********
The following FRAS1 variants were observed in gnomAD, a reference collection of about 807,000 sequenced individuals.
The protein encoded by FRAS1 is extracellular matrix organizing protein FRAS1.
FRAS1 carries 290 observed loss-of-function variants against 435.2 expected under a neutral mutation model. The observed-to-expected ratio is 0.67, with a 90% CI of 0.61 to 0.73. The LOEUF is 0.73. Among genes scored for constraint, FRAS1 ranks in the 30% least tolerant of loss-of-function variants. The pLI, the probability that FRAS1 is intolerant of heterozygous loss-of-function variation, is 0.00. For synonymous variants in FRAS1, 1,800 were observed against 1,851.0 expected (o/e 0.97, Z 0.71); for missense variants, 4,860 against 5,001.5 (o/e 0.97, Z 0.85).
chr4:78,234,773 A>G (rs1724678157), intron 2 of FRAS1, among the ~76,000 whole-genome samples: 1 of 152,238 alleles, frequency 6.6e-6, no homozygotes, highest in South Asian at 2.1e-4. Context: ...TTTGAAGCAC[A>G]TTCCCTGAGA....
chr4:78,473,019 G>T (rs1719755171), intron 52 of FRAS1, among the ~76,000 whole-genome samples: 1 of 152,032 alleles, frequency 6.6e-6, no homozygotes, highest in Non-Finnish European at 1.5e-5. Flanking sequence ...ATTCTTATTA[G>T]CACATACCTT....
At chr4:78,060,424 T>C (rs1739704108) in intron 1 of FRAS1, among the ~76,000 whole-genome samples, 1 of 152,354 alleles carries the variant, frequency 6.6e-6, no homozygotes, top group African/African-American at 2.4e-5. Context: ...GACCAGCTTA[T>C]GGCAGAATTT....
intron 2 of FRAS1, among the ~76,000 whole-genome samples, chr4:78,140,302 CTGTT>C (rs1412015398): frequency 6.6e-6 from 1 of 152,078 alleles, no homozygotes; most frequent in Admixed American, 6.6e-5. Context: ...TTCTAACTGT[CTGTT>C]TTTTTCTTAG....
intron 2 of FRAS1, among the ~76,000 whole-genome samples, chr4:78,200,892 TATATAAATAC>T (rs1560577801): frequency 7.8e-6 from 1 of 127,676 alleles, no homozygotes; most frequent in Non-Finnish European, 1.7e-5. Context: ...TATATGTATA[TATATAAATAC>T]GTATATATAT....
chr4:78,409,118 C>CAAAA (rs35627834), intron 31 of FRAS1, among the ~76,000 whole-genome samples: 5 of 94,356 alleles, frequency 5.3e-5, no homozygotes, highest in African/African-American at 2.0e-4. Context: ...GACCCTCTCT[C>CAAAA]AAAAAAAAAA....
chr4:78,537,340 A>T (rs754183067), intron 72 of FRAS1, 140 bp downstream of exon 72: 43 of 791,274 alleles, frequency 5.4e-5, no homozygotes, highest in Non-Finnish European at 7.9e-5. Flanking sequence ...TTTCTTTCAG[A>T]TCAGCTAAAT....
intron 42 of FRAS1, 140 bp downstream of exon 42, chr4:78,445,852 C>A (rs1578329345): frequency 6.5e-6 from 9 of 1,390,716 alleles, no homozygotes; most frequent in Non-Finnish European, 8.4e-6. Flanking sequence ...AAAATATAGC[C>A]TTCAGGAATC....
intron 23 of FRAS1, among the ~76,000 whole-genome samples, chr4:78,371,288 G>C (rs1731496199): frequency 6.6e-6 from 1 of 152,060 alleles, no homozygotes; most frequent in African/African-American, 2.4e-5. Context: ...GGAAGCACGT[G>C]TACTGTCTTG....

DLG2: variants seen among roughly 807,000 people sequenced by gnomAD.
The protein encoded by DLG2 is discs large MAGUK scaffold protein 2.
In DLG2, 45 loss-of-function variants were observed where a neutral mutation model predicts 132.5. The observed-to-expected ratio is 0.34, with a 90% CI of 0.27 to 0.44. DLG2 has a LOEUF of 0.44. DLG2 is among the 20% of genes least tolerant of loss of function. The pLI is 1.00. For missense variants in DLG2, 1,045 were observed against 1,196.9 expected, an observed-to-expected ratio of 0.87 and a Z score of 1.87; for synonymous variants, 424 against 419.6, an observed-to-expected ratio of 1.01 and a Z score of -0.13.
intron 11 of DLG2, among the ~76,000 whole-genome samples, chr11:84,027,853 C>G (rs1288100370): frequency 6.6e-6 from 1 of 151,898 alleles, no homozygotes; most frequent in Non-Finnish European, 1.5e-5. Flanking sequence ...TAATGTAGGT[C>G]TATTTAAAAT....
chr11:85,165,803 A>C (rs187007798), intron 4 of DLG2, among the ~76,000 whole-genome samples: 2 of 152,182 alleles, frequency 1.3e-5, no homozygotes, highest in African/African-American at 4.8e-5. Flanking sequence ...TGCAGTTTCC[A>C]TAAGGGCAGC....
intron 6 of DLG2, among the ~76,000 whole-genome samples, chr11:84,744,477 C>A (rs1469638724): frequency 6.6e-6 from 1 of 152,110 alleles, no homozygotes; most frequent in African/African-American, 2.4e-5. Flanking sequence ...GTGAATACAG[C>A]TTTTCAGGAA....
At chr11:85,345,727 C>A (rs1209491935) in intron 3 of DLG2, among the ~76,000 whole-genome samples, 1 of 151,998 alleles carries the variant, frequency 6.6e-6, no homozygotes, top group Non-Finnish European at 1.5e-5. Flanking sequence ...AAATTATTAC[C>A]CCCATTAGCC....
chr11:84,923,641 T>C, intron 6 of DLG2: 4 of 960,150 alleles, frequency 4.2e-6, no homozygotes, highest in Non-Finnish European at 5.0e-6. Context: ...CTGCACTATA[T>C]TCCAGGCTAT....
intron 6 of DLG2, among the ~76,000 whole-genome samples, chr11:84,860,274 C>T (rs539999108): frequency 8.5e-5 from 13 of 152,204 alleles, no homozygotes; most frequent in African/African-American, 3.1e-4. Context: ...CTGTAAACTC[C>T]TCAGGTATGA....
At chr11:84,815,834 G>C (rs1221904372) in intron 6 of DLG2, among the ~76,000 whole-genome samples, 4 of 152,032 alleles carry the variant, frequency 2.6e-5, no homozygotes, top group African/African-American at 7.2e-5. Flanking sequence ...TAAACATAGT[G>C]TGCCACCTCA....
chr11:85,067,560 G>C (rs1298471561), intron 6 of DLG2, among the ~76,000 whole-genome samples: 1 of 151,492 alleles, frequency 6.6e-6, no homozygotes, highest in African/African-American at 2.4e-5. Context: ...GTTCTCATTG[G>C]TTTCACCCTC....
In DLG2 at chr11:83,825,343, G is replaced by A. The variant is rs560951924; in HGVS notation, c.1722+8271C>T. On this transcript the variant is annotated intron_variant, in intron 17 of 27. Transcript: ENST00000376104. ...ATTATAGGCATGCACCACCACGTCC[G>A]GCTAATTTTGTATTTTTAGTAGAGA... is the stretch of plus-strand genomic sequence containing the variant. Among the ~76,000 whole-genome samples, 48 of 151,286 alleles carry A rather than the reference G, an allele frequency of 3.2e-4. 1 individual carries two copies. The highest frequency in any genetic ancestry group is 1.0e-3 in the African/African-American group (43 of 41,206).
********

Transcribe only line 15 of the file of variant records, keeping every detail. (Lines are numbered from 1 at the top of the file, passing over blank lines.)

In DLG2, 45 loss-of-function variants were observed where a neutral mutation model predicts 132.5. The observed-to-expected ratio is 0.34, with a 90% CI of 0.27 to 0.44. DLG2 has a LOEUF of 0.44. DLG2 is among the 20% of genes least tolerant of loss of function. The pLI is 1.00. For missense variants in DLG2, 1,045 were observed against 1,196.9 expected, an observed-to-expected ratio of 0.87 and a Z score of 1.87; for synonymous variants, 424 against 419.6, an observed-to-expected ratio of 1.01 and a Z score of -0.13.